From prankster rapper to electro-funk maestro, the artist formerly known as Jason Beck has long demonstrated a playfully flexible attitude towards genre. In the last two years alone, his iconoclasm has produced a chess movie and an orchestral hip-hop album, but of all his varied guises, it’s as a classically-trained pianist that he’s arguably most distinguished. Not only is 2004’s Solo Piano apparently his highest selling album to date, but he once beat Andrew WK in a head-to-head piano battle, and that guy can play. 

Solo Piano II presents another 14 compositions in the titular style, and as before, Gonzales elegantly undercuts his natural inclination towards showing-off. There are no tricks or twists to this Ronseal-titled collection, just neo-classical ivory tinkling of the highest calibre, as tracks like the classy Othello channel their composer’s prodigious talents into gracefully simple melodies, modestly but expertly reaffirming his 21st century Renaissance-man credentials.
 Out today

Wednesday, 22 August 2012

august playlist

1. stars - theory of relativity
2. paul westerberg - dyslexic heart
3. the the - this is the day
4. deerhunter - never stops
5. the verlaines - death and the maiden
6. still corners - into the trees
7. spandau ballet - chant no. 1
8. tennis - marathon
9. magazine - model worker
10. dinosaur jr - start choppin
11. devo - girl u want
12. liliput - die matrosen
13. purity ring - fine shrines
14. deerhoof - the trouble with candyhands
15. bran van 3000 - drinking in LA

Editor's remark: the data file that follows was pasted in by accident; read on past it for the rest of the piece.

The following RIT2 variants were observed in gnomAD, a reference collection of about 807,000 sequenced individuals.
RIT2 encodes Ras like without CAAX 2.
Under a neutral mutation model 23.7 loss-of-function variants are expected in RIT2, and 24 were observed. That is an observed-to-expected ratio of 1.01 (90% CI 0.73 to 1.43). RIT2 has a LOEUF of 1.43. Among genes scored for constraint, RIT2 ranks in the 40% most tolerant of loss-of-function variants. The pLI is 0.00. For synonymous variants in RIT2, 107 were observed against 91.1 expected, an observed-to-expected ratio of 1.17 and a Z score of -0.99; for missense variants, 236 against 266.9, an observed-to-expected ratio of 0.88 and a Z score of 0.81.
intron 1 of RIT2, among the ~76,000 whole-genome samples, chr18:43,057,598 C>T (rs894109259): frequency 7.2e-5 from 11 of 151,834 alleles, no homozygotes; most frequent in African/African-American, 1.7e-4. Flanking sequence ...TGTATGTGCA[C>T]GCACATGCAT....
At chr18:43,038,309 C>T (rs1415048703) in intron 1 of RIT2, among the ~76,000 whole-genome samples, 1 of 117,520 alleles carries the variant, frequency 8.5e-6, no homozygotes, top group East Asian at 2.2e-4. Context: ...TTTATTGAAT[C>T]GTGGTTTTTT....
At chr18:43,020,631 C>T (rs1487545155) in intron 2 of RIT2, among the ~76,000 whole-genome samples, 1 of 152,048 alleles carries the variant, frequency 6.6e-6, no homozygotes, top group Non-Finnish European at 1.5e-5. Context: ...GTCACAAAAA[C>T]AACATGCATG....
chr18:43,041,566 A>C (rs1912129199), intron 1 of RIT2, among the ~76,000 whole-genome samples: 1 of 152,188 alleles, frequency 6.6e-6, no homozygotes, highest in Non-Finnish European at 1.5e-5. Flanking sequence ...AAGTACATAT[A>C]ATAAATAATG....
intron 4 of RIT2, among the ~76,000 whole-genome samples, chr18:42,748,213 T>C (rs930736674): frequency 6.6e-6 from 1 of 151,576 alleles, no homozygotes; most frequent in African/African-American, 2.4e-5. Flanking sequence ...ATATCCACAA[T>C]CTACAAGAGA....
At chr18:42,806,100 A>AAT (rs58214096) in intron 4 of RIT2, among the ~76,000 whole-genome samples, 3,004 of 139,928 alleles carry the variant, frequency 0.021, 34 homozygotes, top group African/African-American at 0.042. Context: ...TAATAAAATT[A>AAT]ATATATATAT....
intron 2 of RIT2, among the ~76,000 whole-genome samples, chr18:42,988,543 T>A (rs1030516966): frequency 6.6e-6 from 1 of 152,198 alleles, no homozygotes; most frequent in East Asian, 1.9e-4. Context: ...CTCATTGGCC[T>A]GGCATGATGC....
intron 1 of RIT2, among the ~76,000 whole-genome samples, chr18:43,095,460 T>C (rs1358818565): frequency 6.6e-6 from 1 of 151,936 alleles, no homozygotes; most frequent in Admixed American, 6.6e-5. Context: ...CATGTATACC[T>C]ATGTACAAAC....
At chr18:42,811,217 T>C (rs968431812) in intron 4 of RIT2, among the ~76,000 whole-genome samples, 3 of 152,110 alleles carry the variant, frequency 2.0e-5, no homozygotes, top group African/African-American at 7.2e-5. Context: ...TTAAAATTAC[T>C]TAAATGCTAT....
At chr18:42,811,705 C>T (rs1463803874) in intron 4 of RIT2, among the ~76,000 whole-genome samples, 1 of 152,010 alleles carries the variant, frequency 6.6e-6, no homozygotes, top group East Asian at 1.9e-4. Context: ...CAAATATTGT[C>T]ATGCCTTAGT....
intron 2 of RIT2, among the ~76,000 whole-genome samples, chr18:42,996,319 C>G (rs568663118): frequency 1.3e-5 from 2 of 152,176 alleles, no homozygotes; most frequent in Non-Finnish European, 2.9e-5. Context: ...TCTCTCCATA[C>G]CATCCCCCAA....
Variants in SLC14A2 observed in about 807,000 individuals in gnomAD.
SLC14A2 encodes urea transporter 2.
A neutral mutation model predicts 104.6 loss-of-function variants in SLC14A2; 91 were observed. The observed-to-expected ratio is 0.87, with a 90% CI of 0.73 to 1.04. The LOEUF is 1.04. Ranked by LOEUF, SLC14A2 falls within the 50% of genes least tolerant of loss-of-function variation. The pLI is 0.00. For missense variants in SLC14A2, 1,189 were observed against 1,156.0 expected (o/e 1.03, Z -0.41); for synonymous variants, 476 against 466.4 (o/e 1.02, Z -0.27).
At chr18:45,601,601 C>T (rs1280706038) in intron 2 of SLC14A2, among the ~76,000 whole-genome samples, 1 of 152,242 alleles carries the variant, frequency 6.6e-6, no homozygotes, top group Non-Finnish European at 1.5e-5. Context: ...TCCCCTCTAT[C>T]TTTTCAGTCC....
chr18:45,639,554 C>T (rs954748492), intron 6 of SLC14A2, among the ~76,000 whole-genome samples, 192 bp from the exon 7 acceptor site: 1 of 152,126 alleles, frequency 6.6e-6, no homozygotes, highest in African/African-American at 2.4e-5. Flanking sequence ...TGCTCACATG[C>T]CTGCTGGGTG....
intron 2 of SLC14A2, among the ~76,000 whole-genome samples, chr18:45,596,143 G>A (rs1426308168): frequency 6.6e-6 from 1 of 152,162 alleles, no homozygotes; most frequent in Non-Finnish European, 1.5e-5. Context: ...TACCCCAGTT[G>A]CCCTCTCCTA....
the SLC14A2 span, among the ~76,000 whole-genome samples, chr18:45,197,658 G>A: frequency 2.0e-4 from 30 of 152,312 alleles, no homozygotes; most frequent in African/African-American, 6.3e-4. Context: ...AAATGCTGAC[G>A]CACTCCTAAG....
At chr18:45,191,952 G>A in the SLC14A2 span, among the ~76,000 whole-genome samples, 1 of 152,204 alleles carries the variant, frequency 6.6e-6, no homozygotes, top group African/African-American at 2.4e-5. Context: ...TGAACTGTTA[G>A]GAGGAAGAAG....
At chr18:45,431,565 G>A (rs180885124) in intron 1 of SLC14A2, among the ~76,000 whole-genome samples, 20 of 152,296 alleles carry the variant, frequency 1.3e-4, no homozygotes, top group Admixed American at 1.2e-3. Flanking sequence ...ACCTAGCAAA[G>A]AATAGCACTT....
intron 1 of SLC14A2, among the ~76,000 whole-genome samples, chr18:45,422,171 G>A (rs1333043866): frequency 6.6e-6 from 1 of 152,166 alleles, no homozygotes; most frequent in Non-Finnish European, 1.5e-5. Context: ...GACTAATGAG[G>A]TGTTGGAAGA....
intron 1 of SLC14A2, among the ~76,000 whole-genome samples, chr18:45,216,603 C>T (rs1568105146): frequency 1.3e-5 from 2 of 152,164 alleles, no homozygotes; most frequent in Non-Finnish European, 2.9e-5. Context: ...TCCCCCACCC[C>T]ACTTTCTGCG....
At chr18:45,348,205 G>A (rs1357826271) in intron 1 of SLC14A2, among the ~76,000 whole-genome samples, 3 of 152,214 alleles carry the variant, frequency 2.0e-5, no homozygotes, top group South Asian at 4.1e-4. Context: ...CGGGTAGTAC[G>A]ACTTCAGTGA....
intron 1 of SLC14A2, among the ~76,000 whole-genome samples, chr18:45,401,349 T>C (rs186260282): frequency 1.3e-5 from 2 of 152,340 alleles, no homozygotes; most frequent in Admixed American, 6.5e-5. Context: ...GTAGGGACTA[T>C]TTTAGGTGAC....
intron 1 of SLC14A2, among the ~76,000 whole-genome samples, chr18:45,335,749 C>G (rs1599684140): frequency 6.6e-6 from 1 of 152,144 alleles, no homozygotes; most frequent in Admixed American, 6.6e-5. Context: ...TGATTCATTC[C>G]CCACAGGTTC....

16. edwyn collins - losing sleep
17. wussy - maglite
18. hefner - i took her love for granted
19. blondie - the hardest part
20. joan armatrading - drop the pilot
21. felt - primitive painters
22. lloyd cole - perfect skin
23. the fresh and onlys - 20 days and 20 nights
24. the go-betweens - bye bye pride
25. the modern lovers - roadrunner
26. the strokes - soma
27. tenpole tudor - throwing my baby out with the bathwater
28. dum dum girls - bedroom eyes
29. the b-52s - roam
30. phatogram - when i'm small
31. plasticines - another kiss
32. phil collins - easy lover
33. the undertones - true confessions
34. david bowie - john, i'm only dancing
35. shirley ellis - the clapping song
36. stevie wonder - uptight
37. rod stewart - shake
38. elvis presley - big hunk o love
39. the organ - brother
40. deacon blue - real gone kid
41. los campesinos - you me dancing
42. was (not was) - do the dinosaur
43. the cult - she sells sanctuary
44. fleetwood mac - you make loving fun
45. teenage fanclub - sparky's dream